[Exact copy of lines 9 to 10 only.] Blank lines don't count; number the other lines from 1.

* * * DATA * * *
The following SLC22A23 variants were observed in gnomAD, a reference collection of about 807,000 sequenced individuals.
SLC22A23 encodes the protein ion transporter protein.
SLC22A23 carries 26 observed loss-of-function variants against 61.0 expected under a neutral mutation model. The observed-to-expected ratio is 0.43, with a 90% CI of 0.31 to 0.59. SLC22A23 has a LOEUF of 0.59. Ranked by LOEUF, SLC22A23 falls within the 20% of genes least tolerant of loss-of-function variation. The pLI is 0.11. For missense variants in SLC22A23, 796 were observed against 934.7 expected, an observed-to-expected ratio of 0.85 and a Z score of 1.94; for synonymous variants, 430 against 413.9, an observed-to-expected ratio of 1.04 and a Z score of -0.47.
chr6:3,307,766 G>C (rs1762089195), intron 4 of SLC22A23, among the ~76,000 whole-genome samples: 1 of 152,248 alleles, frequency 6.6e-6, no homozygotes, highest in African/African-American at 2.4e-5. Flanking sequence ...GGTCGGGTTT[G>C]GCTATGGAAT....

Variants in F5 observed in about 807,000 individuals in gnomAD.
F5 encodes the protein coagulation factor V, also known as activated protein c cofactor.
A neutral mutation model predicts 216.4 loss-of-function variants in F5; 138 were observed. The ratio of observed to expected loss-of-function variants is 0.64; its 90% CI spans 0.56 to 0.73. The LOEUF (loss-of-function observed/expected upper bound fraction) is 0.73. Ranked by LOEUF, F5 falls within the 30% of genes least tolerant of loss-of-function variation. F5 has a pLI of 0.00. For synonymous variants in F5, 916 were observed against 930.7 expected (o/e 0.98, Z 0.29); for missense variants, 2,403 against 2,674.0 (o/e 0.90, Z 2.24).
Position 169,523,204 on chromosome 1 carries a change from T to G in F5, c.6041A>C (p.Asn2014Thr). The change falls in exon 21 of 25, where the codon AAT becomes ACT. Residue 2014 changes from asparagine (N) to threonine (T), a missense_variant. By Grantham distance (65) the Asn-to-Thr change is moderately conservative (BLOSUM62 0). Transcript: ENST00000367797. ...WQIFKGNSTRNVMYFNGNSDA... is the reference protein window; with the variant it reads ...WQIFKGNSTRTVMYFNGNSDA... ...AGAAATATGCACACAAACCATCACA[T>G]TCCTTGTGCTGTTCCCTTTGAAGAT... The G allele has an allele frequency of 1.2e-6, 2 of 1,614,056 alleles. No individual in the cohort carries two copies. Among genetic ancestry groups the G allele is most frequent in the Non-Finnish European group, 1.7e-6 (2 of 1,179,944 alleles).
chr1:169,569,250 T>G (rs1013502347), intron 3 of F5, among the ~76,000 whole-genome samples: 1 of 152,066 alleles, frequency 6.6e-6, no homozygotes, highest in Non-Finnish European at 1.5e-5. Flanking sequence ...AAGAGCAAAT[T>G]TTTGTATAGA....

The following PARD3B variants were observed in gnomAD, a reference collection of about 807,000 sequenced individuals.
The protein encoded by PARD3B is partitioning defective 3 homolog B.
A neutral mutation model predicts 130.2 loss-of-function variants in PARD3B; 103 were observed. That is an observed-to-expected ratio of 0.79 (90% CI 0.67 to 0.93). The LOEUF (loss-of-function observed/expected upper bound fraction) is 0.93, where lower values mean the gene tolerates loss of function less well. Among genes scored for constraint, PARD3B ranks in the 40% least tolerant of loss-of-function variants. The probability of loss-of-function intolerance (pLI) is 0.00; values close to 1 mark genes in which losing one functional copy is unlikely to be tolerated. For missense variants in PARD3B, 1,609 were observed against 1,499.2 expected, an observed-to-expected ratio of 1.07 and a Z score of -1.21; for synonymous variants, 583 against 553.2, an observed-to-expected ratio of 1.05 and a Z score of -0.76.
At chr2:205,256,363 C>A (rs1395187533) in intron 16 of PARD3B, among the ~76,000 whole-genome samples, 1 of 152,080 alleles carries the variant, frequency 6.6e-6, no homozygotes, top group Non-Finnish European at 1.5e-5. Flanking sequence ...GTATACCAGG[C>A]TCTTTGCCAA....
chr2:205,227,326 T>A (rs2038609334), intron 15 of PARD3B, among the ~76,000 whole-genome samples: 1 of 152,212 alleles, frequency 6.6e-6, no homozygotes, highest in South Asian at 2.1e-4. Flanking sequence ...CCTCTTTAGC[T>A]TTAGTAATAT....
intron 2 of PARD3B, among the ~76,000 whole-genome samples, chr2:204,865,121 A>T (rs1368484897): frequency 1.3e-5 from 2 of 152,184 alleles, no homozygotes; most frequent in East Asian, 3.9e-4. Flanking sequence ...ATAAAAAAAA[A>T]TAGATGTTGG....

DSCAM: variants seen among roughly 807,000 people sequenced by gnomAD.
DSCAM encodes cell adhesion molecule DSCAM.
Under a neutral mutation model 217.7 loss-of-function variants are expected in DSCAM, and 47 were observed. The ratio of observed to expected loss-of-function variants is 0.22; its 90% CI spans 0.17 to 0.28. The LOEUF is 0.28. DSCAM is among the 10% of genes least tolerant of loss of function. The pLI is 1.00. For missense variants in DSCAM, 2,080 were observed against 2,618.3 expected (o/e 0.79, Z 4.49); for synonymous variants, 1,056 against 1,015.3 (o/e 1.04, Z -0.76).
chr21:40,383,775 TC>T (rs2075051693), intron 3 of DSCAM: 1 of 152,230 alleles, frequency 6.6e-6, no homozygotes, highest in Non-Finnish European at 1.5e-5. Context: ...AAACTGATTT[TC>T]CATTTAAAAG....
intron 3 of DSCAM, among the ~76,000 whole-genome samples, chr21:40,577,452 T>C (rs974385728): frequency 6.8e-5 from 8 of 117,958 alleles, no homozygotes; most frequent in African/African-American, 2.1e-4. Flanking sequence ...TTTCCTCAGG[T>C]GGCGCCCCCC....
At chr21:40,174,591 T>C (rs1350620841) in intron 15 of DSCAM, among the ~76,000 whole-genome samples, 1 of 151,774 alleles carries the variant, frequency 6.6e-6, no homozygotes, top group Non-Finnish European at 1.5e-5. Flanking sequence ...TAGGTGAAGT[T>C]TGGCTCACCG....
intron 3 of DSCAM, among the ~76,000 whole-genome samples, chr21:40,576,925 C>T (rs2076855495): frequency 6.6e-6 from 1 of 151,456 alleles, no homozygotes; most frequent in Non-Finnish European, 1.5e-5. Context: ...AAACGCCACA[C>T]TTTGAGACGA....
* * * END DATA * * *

chr1:169,569,250 T>G (rs1013502347), intron 3 of F5, among the ~76,000 whole-genome samples: 1 of 152,066 alleles, frequency 6.6e-6, no homozygotes, highest in Non-Finnish European at 1.5e-5. Flanking sequence ...AAGAGCAAAT[T>G]TTTGTATAGA....

The following PARD3B variants were observed in gnomAD, a reference collection of about 807,000 sequenced individuals.